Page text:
energy, guaranteed under the Nuclear Non-Proliferation Treaty. Incidentally, it
is a concession that Iran
has made in the past when it voluntarily suspended its nuclear activities in
the hopes that the European negotiators would reciprocate the good will gesture
with a meaningful offer.
The hope was in vain. All
the Europeans had to offer, as acknowledged by negotiators in an interview with
Asia Times, was "an empty box of chocolates."
The ongoing threats of war
against Iran may be part of
a designed psychological warfare to force Iran to capitulate to the
inflexible demands of the imperialist alliance, as believed by the Iranian
leadership. This would explain the timely leaks to Seymour Hersh,
who has been reporting for years of an impending U.S.
attack on Iran.
The purpose of the war talk
could be to strengthen the hand of those in the Iranian leadership who are
willing to take a more moderate approach, give up on the nuclear program and
scale back active support for Hamas and Hezbollah,
major anti-imperialist resistance forces in the Middle East. If this is all
part of a bluff, the more imminent an attack on Iran appears to be, the more likely
the bluff is to succeed.
But there are fundamental
reasons why the whole imperialist establishment would want Iran bombed,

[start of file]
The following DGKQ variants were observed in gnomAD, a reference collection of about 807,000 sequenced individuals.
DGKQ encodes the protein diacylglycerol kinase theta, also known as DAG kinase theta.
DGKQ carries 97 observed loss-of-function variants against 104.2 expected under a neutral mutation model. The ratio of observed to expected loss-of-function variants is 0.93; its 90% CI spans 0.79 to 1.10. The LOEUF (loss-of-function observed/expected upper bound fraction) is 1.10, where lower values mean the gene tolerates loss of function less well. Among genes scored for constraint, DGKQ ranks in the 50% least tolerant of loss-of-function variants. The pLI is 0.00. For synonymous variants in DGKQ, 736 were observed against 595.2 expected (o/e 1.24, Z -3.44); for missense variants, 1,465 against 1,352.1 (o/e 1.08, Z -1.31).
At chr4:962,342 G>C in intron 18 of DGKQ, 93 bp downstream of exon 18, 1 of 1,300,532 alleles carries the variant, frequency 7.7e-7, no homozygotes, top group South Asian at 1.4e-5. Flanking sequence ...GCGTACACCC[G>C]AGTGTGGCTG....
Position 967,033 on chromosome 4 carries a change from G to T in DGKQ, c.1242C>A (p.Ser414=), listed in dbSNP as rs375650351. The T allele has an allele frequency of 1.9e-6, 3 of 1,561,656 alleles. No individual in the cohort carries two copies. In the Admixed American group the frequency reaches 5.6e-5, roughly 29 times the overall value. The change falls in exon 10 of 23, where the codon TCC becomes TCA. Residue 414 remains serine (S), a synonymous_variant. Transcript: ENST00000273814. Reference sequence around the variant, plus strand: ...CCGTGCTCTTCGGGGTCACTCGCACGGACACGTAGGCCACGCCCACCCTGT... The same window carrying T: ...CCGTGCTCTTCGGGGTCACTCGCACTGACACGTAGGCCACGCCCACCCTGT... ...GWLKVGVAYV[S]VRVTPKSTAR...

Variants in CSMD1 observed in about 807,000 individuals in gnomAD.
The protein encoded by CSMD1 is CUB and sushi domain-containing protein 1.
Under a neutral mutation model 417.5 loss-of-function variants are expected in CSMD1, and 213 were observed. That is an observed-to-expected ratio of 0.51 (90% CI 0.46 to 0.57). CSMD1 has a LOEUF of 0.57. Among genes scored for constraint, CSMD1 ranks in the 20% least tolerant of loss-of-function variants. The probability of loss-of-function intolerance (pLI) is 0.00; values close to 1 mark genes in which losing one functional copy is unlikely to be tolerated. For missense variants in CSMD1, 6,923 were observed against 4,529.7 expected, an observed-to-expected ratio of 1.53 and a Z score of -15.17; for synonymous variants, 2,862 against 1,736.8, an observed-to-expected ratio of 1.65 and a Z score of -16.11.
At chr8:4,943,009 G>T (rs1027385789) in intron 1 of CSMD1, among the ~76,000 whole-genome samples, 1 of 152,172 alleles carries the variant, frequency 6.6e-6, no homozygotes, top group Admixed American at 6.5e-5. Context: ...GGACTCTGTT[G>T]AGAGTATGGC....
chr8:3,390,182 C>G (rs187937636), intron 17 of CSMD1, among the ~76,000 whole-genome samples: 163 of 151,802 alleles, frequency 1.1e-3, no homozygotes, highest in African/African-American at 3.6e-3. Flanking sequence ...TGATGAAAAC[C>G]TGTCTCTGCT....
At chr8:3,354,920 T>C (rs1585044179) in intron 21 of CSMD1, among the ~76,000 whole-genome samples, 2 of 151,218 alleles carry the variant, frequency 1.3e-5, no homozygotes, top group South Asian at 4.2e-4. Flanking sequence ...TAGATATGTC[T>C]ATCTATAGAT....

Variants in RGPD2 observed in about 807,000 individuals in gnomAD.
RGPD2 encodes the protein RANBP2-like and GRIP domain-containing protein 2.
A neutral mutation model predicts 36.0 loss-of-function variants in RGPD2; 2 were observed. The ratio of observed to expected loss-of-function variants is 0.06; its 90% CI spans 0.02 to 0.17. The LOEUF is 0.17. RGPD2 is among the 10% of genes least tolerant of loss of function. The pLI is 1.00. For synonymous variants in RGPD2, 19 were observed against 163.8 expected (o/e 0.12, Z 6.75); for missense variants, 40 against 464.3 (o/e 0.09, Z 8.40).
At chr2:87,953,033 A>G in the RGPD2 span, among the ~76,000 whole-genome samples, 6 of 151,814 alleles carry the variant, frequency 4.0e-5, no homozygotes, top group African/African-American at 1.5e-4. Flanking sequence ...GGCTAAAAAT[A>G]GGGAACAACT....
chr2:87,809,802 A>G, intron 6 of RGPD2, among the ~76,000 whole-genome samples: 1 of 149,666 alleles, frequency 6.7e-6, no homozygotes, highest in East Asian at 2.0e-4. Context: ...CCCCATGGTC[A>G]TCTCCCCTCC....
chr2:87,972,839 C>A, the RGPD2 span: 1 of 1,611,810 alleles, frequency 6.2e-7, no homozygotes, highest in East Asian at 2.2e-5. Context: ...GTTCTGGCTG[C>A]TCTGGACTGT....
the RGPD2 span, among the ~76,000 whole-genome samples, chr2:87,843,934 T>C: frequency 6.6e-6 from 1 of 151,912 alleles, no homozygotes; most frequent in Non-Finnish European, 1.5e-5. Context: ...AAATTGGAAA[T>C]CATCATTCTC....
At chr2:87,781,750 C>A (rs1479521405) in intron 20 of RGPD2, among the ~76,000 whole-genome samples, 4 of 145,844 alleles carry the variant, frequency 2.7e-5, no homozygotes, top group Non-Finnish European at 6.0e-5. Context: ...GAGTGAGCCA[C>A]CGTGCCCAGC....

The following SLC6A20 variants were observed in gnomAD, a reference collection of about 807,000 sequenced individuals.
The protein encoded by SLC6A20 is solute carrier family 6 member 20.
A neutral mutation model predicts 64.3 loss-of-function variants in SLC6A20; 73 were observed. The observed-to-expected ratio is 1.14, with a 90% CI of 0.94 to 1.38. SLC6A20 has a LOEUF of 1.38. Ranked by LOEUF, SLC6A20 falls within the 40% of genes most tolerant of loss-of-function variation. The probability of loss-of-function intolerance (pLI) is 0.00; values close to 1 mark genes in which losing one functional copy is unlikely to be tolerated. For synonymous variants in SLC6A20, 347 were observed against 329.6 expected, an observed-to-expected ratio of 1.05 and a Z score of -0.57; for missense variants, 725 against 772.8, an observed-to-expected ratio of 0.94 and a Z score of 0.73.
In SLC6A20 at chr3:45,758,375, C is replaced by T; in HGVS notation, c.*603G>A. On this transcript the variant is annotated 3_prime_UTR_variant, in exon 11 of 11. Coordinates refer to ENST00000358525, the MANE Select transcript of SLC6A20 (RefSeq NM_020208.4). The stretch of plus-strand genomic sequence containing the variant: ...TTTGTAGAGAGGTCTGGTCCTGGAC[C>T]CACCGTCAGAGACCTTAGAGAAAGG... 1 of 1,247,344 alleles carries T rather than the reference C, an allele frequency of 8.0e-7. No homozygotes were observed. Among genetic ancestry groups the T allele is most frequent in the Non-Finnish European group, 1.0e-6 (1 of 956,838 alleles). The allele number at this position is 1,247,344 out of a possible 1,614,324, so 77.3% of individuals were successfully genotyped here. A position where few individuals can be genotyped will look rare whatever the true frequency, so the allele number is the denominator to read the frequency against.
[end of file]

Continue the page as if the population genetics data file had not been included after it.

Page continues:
the potential costs notwithstanding.
It may well be true, as has been reported for some time, that a grouping in the
Bush administration, headed by Vice President Cheney and encouraged by Israel and its powerful lobby, are actually
advocating an attack on Iran
before the end of Bush's term. In that case, whether or not Iran is
attacked will be determined by the struggle between the different factions of
the ruling establishment.
Among the factors that will
impact the outcome of the ruling class in-fighting is their estimate of Iran's
willingness and capability to retaliate. Another factor will be the domestic
effect of such an attack. While working people in this country are struggling
to survive in the middle of a deep economic crisis, how would yet another
"pre-emptive" war affect the people's movement?
For those of us who have
been engaged in anti-war activities, our task is clear. It is not to work
towards getting Democrats elected in November, as they are directly
contributing to the war drive, but to organize and mobilize for building a
grassroots movement to oppose a war against Iran and all future imperialist